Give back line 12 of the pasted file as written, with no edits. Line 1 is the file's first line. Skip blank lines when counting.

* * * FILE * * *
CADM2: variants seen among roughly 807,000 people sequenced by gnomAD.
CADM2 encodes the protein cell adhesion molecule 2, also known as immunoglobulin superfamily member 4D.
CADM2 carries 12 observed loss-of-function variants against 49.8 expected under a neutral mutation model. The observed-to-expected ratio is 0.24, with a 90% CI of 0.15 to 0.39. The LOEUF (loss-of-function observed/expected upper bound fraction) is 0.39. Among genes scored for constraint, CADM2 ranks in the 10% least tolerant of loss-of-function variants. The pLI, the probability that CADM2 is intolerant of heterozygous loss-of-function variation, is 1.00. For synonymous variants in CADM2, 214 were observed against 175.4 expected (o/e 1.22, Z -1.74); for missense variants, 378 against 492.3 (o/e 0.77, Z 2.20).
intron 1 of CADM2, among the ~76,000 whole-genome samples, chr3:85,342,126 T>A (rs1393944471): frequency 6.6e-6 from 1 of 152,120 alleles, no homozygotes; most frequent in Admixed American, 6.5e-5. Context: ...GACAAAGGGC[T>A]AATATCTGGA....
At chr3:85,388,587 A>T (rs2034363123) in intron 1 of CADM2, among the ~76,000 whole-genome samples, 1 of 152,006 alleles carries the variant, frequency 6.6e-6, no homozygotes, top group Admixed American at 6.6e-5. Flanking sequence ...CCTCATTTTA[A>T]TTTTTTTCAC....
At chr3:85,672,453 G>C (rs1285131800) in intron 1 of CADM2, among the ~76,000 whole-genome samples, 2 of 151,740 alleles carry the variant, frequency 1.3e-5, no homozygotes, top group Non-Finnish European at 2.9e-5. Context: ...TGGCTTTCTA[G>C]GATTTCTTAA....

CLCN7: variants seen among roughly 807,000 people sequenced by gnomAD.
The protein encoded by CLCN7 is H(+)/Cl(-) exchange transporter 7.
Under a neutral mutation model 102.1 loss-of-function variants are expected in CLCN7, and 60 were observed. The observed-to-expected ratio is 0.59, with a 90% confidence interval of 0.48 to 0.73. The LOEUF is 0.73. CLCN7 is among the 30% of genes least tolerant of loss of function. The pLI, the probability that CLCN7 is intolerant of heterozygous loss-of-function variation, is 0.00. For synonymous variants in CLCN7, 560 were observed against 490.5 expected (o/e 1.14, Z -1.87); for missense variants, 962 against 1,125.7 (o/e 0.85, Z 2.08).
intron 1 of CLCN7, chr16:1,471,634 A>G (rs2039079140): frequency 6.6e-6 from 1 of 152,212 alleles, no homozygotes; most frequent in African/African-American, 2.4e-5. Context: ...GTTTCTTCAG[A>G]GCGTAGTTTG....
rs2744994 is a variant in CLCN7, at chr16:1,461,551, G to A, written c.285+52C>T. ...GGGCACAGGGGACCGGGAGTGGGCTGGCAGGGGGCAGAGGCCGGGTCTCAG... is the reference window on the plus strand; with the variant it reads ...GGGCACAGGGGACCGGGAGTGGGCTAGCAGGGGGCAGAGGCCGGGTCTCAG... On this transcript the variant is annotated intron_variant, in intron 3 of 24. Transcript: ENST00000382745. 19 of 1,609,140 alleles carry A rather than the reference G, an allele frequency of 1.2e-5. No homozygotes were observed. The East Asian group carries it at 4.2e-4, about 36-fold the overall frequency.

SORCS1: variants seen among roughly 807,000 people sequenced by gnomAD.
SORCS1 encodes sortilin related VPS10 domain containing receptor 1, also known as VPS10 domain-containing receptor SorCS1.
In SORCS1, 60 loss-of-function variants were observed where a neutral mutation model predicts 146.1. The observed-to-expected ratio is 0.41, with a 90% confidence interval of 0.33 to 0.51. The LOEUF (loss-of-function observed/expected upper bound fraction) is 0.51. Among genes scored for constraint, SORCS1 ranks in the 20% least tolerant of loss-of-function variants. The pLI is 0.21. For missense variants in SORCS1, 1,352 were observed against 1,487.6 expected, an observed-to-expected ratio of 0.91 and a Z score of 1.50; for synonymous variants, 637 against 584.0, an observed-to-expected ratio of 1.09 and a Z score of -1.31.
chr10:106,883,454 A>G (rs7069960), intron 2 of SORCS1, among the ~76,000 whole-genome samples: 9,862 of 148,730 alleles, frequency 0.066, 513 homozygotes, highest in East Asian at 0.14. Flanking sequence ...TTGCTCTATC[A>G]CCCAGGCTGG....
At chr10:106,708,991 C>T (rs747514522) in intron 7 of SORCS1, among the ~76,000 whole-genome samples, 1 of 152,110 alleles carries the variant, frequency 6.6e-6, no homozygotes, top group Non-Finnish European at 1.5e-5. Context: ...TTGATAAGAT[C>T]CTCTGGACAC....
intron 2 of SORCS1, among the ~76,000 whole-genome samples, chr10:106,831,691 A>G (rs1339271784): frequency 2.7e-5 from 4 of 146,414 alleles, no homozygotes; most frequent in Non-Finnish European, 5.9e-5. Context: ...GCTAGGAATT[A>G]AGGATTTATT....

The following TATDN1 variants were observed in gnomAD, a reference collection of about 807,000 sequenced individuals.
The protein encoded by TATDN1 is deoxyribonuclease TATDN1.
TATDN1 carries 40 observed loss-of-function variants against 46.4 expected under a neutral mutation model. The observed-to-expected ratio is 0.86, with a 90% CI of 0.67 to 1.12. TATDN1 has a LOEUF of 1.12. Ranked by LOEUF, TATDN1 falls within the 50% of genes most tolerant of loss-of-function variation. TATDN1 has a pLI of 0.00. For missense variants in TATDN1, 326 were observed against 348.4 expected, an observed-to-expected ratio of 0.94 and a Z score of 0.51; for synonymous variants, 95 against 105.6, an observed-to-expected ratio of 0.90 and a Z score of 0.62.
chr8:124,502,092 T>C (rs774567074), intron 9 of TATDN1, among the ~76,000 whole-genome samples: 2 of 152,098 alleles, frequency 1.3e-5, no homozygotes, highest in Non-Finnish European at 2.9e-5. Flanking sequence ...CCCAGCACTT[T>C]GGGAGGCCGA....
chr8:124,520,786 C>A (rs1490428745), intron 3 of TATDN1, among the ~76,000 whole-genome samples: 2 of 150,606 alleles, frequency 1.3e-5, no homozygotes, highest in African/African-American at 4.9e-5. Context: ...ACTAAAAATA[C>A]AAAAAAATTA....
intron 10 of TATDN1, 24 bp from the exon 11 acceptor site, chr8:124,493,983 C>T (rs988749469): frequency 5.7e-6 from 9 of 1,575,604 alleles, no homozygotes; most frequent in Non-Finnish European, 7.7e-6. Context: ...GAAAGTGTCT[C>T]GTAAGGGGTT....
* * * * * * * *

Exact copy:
SORCS1: variants seen among roughly 807,000 people sequenced by gnomAD.